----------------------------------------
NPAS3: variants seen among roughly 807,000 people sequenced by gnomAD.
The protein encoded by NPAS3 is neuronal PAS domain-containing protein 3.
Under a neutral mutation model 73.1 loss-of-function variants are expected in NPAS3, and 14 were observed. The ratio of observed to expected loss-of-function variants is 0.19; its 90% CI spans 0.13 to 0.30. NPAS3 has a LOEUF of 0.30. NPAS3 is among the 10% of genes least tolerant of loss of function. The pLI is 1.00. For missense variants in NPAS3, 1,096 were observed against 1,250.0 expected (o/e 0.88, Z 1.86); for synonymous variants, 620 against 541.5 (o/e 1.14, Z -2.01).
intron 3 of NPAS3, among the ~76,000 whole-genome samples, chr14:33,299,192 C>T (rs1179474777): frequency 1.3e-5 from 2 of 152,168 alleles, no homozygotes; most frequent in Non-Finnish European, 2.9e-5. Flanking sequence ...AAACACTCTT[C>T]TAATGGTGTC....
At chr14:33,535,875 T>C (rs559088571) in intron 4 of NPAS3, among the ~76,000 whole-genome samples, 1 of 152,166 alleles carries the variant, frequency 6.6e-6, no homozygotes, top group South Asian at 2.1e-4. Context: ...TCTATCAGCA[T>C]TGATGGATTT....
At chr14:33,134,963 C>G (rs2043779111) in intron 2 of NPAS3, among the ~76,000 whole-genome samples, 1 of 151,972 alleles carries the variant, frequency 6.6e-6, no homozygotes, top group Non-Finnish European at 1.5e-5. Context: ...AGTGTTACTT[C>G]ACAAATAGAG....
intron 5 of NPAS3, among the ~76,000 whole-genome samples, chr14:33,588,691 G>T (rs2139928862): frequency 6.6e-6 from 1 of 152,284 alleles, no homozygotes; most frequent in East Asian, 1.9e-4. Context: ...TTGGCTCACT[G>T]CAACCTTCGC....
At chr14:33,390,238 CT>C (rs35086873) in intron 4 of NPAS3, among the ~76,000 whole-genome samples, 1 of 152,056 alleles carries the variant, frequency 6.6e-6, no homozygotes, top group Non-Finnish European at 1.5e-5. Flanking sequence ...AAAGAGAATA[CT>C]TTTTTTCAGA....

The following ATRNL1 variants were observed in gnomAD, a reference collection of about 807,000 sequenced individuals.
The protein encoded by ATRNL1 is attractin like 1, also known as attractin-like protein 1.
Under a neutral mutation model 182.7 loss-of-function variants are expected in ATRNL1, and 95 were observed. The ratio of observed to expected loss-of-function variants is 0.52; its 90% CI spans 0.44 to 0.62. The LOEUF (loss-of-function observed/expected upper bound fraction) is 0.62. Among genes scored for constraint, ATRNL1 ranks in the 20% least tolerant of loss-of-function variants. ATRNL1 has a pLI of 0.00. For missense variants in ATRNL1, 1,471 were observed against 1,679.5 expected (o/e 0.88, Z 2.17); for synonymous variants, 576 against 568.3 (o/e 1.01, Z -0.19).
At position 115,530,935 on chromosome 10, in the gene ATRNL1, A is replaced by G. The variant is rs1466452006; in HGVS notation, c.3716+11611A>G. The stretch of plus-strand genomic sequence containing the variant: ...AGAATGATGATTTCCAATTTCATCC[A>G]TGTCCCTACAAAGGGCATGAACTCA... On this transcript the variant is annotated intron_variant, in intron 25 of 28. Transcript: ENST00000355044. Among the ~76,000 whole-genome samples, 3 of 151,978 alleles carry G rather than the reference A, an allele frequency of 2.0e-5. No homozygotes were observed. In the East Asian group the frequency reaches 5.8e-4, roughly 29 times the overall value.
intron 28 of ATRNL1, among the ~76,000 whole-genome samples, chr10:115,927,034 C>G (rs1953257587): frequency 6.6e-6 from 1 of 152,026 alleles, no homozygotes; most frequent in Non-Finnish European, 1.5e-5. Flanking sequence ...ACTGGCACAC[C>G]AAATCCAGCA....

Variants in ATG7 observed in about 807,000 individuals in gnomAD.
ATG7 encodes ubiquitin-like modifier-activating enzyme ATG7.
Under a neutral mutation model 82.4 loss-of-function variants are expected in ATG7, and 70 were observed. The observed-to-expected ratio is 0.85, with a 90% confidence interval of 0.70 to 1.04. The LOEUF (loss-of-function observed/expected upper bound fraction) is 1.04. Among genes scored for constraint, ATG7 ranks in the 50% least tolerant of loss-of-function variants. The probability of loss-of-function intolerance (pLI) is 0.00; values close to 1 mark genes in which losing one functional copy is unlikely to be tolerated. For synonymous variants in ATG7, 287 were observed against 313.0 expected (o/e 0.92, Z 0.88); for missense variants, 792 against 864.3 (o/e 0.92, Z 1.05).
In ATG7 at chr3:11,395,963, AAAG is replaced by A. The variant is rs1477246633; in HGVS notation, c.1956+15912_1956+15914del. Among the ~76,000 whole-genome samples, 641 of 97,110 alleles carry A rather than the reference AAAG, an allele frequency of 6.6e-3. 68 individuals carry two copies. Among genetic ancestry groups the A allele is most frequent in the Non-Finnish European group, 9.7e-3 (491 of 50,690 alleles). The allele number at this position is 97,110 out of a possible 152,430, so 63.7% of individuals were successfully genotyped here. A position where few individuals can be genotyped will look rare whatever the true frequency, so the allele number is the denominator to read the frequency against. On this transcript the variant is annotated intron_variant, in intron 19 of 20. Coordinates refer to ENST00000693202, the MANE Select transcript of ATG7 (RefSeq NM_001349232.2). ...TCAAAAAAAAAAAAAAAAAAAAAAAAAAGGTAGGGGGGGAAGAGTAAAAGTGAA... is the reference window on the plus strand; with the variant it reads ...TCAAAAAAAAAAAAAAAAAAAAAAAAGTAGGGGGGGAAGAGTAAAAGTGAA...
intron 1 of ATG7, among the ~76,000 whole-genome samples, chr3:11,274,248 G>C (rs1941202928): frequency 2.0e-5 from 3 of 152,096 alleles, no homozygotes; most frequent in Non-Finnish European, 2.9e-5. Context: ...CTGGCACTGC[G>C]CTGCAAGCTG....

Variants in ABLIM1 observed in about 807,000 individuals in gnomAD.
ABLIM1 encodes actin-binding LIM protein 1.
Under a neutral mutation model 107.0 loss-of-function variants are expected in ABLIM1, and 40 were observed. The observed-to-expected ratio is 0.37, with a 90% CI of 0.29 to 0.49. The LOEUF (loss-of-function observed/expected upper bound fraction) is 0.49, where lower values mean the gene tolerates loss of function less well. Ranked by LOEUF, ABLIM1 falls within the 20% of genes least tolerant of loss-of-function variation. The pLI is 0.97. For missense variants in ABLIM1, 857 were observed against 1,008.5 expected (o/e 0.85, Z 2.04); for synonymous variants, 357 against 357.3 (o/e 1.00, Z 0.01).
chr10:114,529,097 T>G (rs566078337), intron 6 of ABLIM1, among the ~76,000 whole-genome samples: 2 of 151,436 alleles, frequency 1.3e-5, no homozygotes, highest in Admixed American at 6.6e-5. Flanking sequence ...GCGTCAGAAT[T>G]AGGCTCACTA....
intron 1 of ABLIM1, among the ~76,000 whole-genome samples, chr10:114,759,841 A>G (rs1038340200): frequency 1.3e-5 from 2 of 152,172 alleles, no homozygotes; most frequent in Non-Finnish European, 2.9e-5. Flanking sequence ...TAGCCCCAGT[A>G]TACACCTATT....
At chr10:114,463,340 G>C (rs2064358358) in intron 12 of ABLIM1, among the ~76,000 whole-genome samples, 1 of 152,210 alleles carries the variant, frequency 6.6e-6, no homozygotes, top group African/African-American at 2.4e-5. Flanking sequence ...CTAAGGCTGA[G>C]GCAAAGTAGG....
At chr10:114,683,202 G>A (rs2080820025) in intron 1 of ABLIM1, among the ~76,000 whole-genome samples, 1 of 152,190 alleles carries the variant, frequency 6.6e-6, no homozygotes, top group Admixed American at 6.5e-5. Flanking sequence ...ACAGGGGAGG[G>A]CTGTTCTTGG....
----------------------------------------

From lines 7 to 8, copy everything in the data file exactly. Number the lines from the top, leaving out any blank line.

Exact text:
intron 5 of NPAS3, among the ~76,000 whole-genome samples, chr14:33,588,691 G>T (rs2139928862): frequency 6.6e-6 from 1 of 152,284 alleles, no homozygotes; most frequent in East Asian, 1.9e-4. Context: ...TTGGCTCACT[G>T]CAACCTTCGC....
At chr14:33,390,238 CT>C (rs35086873) in intron 4 of NPAS3, among the ~76,000 whole-genome samples, 1 of 152,056 alleles carries the variant, frequency 6.6e-6, no homozygotes, top group Non-Finnish European at 1.5e-5. Flanking sequence ...AAAGAGAATA[CT>C]TTTTTTCAGA....